Saturday, April 30
Friday, April 22
The NYSE pulled a fast one this week, which got all of us at work all hot and bothered. It was, if I can be corny for a minute, kind of exciting. We got to play STOP THE PRESSES. Our beat reporter responded like a champ. I expunged the dangling modifiers, brainstormed the hed, and the whole thing went out to the world in near real time. Fun.
42% said they believe that blogging has forced mainstream media to do a better job of reporting. And 62% of those polled believe that bloggers should not be held to the same standards of accuracy and ethics as journalists.It's this last bit that I found intriguing. I get that there is plenty of debate about whether traditional journalistic ethics should apply to bloggers. But I thought that accuracy was fundamental to blogging. After all, if bloggers don't strive to be accurate or aren't upfront about what they don't know, don't they lose credibility? And isn't credibility what people's reputations are based on online? Just a question.
The Army has cleared four top officers ? including the three-star general who commanded all U.S. forces in Iraq ? of all allegations of wrongdoing in connection with prisoner abuse at Abu Ghraib and will not be punished, officials said Friday.
Parse the syntax of that sentence carefully and you discover an interesting, if unintended, implication: The Army will not be punished for clearing four top officers of wrongdoing in the Abu Ghraib prisoner abuse matter.
Probably true. See what happens when you bypass the copy desk, or hire the cheapest, most junior people you can get? The text develops a rebellious Oulipean unconscious.
Thursday, April 21
The decoding of the Oxyrhynchus papyrii: What a story! In a former life, I was a student in Prof. Joseph Duggan's paleography ('old writing') graduate seminar and got a chance to see the famous papryi stored at the Bancroft Library at UC Berkeley. I do other things now, but the idea of ancient texts written out by bored students of" the classics" on scrap papyrus later used to mummify crocodiles for a cut-rate Alexandrian funeral--it still tickles me mightily. Lost works of Sophocles deciphered at last! These days, I mostly decipher press releases and 10-K filings, but hey, deciphering is deciphering. The romance of it is irresistible.
Latest technical triumph: I got Fedora Core 2 running on a cheap old reconditioned desktop I had lying around, with the KDE. I feel like a little kid. This is so damn cool!
Tuesday, April 19
AP: Pay to Replay
The Associated Press will begin charging newspapers and broadcasters to post its stories, photos and other content online, a pricing shift that reflects the growing power of the Internet to lure audiences and advertisers from more established media. Tom Curley, AP president and CEO, announced the change Monday at the annual meeting of the 156-year-old news cooperative. Most of the 15,000 news outlets that buy AP's news, sports, business and entertainment coverage have been allowed to "re-purpose" the same material online at no extra cost since 1995. At that time, graphical Web browsers were just beginning to transform the Internet from an esoteric computer network to a mass medium.
Saturday, April 16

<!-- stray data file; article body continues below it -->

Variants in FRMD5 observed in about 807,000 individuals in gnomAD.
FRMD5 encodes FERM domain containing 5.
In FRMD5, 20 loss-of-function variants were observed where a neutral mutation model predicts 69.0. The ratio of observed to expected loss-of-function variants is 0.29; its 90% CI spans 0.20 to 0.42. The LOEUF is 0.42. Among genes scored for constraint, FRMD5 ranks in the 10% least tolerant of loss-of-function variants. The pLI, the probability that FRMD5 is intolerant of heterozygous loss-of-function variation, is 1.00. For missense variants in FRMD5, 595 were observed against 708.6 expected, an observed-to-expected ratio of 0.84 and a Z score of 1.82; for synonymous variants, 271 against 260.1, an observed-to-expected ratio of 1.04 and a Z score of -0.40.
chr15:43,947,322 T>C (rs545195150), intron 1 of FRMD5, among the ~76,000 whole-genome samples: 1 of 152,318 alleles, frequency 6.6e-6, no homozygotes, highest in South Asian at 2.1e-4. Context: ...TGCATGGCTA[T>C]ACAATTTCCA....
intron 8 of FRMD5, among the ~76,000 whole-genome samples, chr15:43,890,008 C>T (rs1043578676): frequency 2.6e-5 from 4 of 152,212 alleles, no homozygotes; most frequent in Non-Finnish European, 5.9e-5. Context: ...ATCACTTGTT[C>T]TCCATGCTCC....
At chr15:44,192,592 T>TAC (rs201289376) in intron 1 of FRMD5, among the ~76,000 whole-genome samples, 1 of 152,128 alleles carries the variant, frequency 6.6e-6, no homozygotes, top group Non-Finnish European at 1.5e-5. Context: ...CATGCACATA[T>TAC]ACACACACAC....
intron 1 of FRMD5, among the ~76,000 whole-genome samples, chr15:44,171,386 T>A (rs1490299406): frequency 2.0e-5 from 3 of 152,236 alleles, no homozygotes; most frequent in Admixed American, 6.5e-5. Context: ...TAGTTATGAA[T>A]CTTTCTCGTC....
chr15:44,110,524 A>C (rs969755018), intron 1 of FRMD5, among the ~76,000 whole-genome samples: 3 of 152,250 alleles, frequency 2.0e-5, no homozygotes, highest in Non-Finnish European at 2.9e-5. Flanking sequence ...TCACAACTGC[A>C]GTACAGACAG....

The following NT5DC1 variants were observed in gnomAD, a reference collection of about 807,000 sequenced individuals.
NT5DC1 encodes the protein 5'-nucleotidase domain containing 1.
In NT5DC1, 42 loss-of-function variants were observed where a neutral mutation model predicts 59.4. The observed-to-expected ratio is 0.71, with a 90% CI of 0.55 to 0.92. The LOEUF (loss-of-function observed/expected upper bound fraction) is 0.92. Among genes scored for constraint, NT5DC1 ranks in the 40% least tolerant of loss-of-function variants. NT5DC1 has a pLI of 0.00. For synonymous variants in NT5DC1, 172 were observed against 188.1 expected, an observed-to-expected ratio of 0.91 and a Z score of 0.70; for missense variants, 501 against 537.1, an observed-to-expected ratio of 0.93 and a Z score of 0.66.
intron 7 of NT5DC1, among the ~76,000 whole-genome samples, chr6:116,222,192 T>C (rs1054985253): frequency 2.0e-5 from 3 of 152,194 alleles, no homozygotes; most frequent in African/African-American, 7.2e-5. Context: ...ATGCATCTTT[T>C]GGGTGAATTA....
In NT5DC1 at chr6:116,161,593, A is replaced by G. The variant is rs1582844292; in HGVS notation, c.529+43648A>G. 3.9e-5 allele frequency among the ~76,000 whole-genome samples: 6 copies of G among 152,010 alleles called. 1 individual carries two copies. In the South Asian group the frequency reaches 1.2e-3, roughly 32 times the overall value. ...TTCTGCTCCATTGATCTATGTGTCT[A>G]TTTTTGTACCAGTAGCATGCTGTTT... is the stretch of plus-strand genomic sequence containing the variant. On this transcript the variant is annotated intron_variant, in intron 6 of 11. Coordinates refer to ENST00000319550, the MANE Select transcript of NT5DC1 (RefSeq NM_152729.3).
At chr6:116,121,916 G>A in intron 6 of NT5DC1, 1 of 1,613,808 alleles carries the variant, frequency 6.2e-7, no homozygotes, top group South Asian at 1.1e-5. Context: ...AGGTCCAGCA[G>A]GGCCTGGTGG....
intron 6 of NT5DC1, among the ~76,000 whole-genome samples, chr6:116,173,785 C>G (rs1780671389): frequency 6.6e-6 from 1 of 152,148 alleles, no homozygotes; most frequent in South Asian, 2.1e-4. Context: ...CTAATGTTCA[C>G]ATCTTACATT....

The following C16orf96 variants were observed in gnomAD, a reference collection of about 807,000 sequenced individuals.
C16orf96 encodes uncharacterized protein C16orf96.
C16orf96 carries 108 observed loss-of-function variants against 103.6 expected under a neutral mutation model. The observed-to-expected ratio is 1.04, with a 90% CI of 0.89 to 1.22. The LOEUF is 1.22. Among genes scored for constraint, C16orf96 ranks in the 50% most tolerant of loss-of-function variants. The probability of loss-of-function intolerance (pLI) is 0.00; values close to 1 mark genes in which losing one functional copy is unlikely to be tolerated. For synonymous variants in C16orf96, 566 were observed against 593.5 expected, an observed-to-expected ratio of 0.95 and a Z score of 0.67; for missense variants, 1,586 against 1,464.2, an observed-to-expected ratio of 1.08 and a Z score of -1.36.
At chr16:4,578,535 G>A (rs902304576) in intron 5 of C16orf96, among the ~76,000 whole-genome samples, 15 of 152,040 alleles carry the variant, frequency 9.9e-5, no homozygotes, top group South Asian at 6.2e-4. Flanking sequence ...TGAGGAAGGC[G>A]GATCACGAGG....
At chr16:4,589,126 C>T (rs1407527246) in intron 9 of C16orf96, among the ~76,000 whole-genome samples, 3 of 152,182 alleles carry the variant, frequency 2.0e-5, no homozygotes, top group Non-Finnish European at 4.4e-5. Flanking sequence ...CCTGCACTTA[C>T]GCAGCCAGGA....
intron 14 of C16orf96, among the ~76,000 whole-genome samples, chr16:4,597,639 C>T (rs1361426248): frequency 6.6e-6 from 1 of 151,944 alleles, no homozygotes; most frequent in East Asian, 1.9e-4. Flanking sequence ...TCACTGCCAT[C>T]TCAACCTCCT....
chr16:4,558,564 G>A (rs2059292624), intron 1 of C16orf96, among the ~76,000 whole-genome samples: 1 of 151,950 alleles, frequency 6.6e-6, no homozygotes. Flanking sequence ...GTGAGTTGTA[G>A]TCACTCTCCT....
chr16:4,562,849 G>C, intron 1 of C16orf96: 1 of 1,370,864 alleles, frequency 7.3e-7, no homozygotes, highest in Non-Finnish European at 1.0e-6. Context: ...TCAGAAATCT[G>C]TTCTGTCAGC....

The U.S. Patent and Trademark Office (USPTO) continues to deny registration to many slogans, rhyming word combinations, double entendres, incongruous word combinations and alliterative expressions on descriptiveness grounds. In many instances, such rejections are unwarranted. However, the USPTO Examining Attorneys will not advise applicants of the ways in which such refusals of registration may be overcome. The Trademark Manual of Examining Procedures (TMEP), the guide used by Trademark Examining Attorneys at the USPTO, has several sections that deal directly with registration of word combinations. TMEP �� 1202.03(f)(i), 1202.04 and 1213.05(b) - (e). Those TMEP provisions can be confusing, but they often provide the basis for removing slogans, rhyming words, double entendres and alliterative word combinations from the "descriptive" category of very weak marks and placing them into the "suggestive" group of stronger ones. Marks that create an incongruity, such as URBAN SAFARI, are also considered unitary and distinctive, requiring no disclaimer of descriptive elements. TMEP �1213(d). Marks that form rhyming patterns, use alliteration or otherwise create a distinctive auditory impression may also escape disclaimer requirements. TMEP �1213.05(e). Again, the LIGHT N? LIVELY mark is one example of such unitary marks, as are POLY PITCHER, SOFT SMOKE, BETTER BAKED, BETTER THAN BACON, and YOU CAN?T BAG A BETTER BEAN. See e.g., In re Kraft, supra; Philip Morris Inc. v. R. J. Reynolds Tobacco Co., 207 USPQ 451, 455 (TTAB 1980) (SOFT SMOKE is suggestive, not descriptive) and Blisscraft of Hollywood v. United Plastics Co., 131 USPQ 55, 60-61 (2nd Cir. 1961) (POLY PITCHER is a suggestive mark, not descriptive). However, not every word combination that presents an interesting linguistic twist is capable of trademark protection. Slogans or words used as mere ornamentation on products such as t-shirts and cups are denied registration. For example, in In re Original Red Plate Co., 223 USPQ 836 (TTAB 1984) the Trademark Trial and Appeal Board found that "YOU ARE SPECIAL TODAY" used on ceramic plates did not serve a trademark function. Similarly expressions such as SUMO on t-shirts and DAMN I?M GOOD on bracelets have been found to be merely decorative and not used as marks. Likewise, expressions that are merely informative will not meet the test of constituting trademarks. Therefore, an effort to register DRIVE SAFELY failed In re Volvo Cars of North America Inc., 46 USPQ2d 1455 (TTAB 1998)], as did one to register THINK GREEN [In re Manco Inc., 24 USPQ2d 1938, 1942 (TTAB 1992)]. So long as the distinctive word combination presented for registration is neither merely informative nor used in a decorative or ornamental manner, there is a good chance of overcoming a "descriptiveness" refusal of registration. Moving a mark, or its components, from the realm of descriptiveness to the stronger position of being considered suggestive or even arbitrary provides better registration rights that can be used more effectively in court when the mark needs to be protected against infringement.